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Developers plan to build 15 hotels in NH, Mass.

New Hampshire Union Leader

April 27. 2013 10:57PM
An artist's rendering of the Hampton Inn now under construction on the corner of Maplewood Avenue and Deer Street in Portsmouth. (Courtesy)

This aerial photo shows the construction site of the new Hampton Inn, with the existing Residence Inn and Portsmouth Harbor Events and Conference center to the left. Courtesy

HOOKSETT - Mark Stebbins and his partner, Leo Xarras, are bullish on the hotel industry - so bullish that they intend to build 15 hotels in the next two to three years, with one now under construction in Portsmouth and groundbreakings scheduled this summer in Worcester and Cambridge, Mass.

Their hotel company, Colwen Management, already owns 25 hotels throughout the Northeast and has 1,600 employees. "The 15 hotels will double our company in size," said Xarras. "We will double in room numbers, employees and more than double in revenue."

On Monday, corporate headquarters for Colwen and the 30 employees who work there will move from offices on Tara Boulevard in Nashua to the Commerce Center office park in Portsmouth, close to one of the company's existing Homewood Suite hotels.

The move to Portsmouth marks another milestone for a company that grew out of Pro Con Construction, a firm with deep roots in the Manchester area and offices in Hooksett.

Stebbins' father, Herb Stebbins, a longtime community leader and Manchester's 1989 Citizen of the Year, started Pro Con in the 1970s. By the 1980s, Mark Stebbins was running the company and by the 1990s branching out to hotel ownership and management.

Six years ago, he partnered with Xarras, and the two never looked back. "I already owned some hotels, and he did as well," Stebbins said. "We merged them, and the growth really started."

Pro Con designs and builds the hotels; Colwen takes over operations and management; and a third company owned by the two men, XSS Hotels, handles the interior design and purchasing. All three companies also provide the same services for third parties.

The formula worked well during the recession in 2009 and 2010, when many of the hotels in the group's portfolio were constructed. "Leo and I built several hotels during the recession, and now with the economy picking up we've decided to really put the pedal to the metal," Stebbins said. "We have some fantastic sites. We are concentrating in Greater Boston and the Greater New York area, but New Hampshire is our home base."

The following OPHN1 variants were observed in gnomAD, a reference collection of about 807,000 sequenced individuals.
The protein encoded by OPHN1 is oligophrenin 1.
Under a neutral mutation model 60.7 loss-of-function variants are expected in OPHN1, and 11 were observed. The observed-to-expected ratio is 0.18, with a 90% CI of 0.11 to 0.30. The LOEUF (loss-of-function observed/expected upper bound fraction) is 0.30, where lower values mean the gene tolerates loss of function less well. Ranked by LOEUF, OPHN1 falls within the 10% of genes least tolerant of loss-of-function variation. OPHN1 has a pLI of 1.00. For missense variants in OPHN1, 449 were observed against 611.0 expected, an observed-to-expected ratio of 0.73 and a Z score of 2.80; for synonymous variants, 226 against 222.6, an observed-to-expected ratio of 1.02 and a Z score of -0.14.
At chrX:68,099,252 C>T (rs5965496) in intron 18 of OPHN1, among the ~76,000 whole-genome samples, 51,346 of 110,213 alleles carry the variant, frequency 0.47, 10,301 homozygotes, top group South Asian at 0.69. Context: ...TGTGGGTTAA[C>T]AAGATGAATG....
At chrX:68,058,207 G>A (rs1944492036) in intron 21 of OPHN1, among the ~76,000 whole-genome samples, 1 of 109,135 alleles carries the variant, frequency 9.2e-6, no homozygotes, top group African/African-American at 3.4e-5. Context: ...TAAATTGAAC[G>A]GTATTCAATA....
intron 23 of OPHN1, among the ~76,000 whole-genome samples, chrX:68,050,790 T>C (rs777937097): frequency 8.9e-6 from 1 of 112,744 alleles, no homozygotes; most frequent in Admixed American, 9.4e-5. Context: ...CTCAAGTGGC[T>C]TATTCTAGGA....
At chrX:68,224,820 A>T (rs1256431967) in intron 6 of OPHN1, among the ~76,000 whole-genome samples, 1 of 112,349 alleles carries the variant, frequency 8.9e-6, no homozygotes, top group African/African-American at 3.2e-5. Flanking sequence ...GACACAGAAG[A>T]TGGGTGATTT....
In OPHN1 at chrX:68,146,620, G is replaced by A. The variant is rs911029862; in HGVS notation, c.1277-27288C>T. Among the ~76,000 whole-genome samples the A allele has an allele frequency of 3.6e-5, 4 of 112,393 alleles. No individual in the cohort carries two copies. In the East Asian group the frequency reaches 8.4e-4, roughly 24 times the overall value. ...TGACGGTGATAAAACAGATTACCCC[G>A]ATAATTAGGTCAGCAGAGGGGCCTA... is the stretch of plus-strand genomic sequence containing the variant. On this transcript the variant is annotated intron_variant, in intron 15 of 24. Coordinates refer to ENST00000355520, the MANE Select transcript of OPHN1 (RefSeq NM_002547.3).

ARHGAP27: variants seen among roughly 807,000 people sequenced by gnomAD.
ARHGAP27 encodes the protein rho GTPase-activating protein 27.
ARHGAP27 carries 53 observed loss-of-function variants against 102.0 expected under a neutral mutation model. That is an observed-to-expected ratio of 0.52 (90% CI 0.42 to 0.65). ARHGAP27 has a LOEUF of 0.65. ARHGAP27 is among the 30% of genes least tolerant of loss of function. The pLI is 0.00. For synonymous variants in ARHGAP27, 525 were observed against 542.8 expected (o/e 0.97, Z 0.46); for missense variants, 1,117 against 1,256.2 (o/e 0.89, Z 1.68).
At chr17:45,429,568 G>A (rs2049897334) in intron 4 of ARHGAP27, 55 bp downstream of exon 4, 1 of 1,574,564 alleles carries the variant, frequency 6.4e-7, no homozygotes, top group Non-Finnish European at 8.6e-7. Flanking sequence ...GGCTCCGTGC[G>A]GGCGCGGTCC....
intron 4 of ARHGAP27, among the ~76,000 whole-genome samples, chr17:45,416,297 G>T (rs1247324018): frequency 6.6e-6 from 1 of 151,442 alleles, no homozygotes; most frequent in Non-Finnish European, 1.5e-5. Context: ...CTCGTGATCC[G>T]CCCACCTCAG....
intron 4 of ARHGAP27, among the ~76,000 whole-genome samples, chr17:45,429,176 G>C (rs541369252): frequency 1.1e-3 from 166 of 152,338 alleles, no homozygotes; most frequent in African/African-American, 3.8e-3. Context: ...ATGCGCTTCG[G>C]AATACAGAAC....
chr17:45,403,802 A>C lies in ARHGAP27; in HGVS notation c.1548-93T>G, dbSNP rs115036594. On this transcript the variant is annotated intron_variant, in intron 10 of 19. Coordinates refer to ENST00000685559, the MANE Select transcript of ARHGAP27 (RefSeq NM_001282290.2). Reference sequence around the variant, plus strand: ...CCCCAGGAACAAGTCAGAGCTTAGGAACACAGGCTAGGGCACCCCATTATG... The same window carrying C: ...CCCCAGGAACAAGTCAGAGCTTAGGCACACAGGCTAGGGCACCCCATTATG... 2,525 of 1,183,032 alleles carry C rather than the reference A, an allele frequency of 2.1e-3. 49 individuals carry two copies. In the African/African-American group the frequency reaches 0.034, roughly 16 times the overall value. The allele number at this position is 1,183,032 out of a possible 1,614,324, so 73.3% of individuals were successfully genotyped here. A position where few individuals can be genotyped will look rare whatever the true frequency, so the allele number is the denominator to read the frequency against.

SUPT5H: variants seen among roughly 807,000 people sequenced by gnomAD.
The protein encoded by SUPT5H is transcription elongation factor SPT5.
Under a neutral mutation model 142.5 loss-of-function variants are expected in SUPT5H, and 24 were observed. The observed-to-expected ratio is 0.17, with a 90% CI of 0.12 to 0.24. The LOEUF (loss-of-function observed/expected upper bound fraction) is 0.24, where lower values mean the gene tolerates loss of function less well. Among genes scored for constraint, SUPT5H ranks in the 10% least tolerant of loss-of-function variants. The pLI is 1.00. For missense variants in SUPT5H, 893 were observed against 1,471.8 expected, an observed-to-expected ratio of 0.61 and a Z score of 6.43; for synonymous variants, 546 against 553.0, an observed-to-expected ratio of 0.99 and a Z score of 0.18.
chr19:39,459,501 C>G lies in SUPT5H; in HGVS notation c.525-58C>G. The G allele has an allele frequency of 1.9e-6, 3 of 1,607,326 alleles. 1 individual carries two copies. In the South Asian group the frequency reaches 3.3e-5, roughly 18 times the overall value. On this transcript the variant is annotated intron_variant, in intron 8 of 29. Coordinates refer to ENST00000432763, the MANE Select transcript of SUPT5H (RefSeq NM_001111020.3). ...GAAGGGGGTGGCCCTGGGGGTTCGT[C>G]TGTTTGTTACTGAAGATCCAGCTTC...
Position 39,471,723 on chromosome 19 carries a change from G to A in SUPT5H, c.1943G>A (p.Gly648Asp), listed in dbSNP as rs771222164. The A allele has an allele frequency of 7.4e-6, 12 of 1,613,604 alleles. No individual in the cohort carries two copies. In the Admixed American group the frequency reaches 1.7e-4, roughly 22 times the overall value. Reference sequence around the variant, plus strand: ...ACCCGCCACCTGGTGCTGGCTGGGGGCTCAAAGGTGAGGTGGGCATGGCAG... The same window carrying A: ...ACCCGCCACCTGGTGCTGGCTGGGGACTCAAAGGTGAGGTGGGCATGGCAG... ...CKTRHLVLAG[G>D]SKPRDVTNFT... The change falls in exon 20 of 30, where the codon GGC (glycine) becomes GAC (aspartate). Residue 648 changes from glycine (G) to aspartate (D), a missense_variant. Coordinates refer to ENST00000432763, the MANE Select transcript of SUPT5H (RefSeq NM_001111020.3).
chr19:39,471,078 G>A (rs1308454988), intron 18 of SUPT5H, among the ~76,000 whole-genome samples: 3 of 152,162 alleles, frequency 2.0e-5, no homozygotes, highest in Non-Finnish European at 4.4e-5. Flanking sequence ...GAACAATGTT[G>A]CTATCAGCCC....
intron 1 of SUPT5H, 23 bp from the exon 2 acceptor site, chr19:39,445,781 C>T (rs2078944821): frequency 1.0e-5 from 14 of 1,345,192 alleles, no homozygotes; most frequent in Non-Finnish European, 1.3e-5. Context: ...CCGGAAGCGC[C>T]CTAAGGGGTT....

The company's largest holdings remain in New Hampshire, with three hotels in Portsmouth, four in Manchester and three in Keene. The Portsmouth hotels include a new Hilton Garden Inn and Residence Inn in the downtown, as well as the Homewood Suites near the corporate offices. A Hampton Inn under construction in downtown Portsmouth is one of the 15 new projects in the pipeline.

"Portsmouth has everything you need for the hotel business," Stebbins said. "It has a lot of private businesses, especially the way the Pease International Tradeport has grown, and it has a lot of governmental business, with the naval shipyard. Then it has great tourism business on the weekends and during the summer."

From new headquarters in the Port City, Stebbins and Xarras will preside over their ambitious expansion plans. Construction of a new Hampton Inn in Worcester, Mass., starting this summer, will bring to three the number of hotels they own in the Bay State's second largest city.

The company has two other hotels under construction near Boston and one in Orangetown, N.Y. Another 10 sites in the planning stages include a Hilton Garden Inn in Lebanon.

The partners believe that New England and New York markets are ripe for hotel construction, given the age of many hotels and the dearth of construction in the past five years. "Hotels have a natural lifespan, somewhere between 20 to 30 years," said Stebbins, "and if there isn't constant replacement, you get a shortage. Worcester lost 400 rooms during the recession because none were added."

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